A warming planet fanned the flames of extreme wildfires and intensified hurricanes and tropical storms

Published

By most accounts, 2020 has been a rough year for the planet. It was the warmest year on record, just barely exceeding the record set in 2016 by less than a tenth of a degree according to NASA’s analysis. Massive wildfires scorched Australia, Siberia, and the United States’ west coast – and many of the fires were still burning during the busiest Atlantic hurricane season on record.

“This year has been a very striking example of what it’s like to live under some of the most severe effects of climate change that we’ve been predicting,” said Lesley Ott, a research meteorologist at NASA’s Goddard Space Flight Center in Greenbelt, Md.

Decades of greenhouse gas emissions set the stage for this year’s events

Human-produced greenhouse gas emissions are largely responsible for warming our planet. Burning fossil fuels such as coal, oil, and natural gas releases greenhouse gases – such as carbon dioxide – into the atmosphere, where they act like an insulating blanket and trap heat near Earth’s surface.

“The natural processes Earth has for absorbing carbon dioxide released by human activities – plants and the ocean – just aren’t enough to keep up with how much carbon dioxide we’re putting into the atmosphere,” said Gavin Schmidt, climate scientist and Director of NASA’s Goddard Institute for Space Studies (GISS) in New York City.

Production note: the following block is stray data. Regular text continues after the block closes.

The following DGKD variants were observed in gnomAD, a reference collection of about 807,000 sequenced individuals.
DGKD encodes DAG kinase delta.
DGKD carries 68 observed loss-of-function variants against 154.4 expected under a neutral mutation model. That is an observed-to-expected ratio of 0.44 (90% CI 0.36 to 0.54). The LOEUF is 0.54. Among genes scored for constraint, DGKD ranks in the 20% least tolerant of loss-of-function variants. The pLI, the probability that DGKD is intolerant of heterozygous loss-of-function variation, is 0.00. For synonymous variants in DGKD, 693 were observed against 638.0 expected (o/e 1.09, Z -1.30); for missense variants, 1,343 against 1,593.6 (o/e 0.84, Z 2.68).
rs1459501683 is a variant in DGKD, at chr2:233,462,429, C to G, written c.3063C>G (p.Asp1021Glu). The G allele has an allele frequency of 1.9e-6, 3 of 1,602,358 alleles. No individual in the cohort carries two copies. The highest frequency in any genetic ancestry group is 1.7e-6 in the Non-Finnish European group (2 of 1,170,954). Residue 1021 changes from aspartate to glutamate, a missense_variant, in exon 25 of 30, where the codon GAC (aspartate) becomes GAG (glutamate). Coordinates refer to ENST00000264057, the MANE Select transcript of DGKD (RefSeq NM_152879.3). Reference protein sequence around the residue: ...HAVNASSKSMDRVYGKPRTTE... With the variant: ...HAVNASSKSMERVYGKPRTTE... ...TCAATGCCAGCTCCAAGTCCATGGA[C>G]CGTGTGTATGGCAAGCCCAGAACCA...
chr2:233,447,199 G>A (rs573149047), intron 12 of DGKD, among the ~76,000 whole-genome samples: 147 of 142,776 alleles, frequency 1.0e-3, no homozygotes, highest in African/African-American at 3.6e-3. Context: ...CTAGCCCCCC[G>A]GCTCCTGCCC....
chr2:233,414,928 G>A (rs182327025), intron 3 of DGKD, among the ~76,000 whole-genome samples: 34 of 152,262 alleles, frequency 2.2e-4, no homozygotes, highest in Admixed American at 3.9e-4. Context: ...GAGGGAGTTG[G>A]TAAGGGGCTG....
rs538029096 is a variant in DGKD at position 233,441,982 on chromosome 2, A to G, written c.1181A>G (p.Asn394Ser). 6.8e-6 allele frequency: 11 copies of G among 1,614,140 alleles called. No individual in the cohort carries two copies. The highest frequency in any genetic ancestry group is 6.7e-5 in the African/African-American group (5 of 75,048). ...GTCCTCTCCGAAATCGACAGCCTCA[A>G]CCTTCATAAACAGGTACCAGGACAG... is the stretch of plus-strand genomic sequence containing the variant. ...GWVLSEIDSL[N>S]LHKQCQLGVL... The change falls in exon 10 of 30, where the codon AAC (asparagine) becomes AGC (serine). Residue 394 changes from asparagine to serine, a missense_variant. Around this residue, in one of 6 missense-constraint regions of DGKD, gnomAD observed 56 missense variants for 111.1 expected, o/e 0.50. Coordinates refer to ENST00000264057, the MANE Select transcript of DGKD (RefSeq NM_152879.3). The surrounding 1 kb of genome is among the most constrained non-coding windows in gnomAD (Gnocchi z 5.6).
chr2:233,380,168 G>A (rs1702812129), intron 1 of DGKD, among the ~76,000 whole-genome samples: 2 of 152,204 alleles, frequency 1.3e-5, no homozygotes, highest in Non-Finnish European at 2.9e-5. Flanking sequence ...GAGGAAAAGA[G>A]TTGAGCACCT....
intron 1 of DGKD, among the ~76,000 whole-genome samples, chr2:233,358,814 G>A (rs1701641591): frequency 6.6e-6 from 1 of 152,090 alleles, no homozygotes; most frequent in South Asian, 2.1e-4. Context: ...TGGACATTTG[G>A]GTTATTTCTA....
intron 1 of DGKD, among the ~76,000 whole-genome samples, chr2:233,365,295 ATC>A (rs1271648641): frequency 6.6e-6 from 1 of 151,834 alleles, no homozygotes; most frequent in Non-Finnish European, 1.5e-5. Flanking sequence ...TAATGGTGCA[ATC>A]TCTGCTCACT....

Carbon dioxide levels have increased by nearly 50% since the Industrial Revolution 250 years ago. The amount of methane in the atmosphere has more than doubled. As a result, during this period, Earth has warmed by about 2 degrees Fahrenheit (just over 1 degree Celsius).

Climate modelers have predicted that, as the planet warms, Earth will experience more severe heat waves and droughts, larger and more extreme wildfires, and longer and more intense hurricane seasons on average. The events of 2020 are consistent with what models have predicted: extreme climate events are more likely because of greenhouse gas emissions.

Read the full story: The Climate Events of 2020 Show How Excess Heat is Expressed on Earth

Related Impact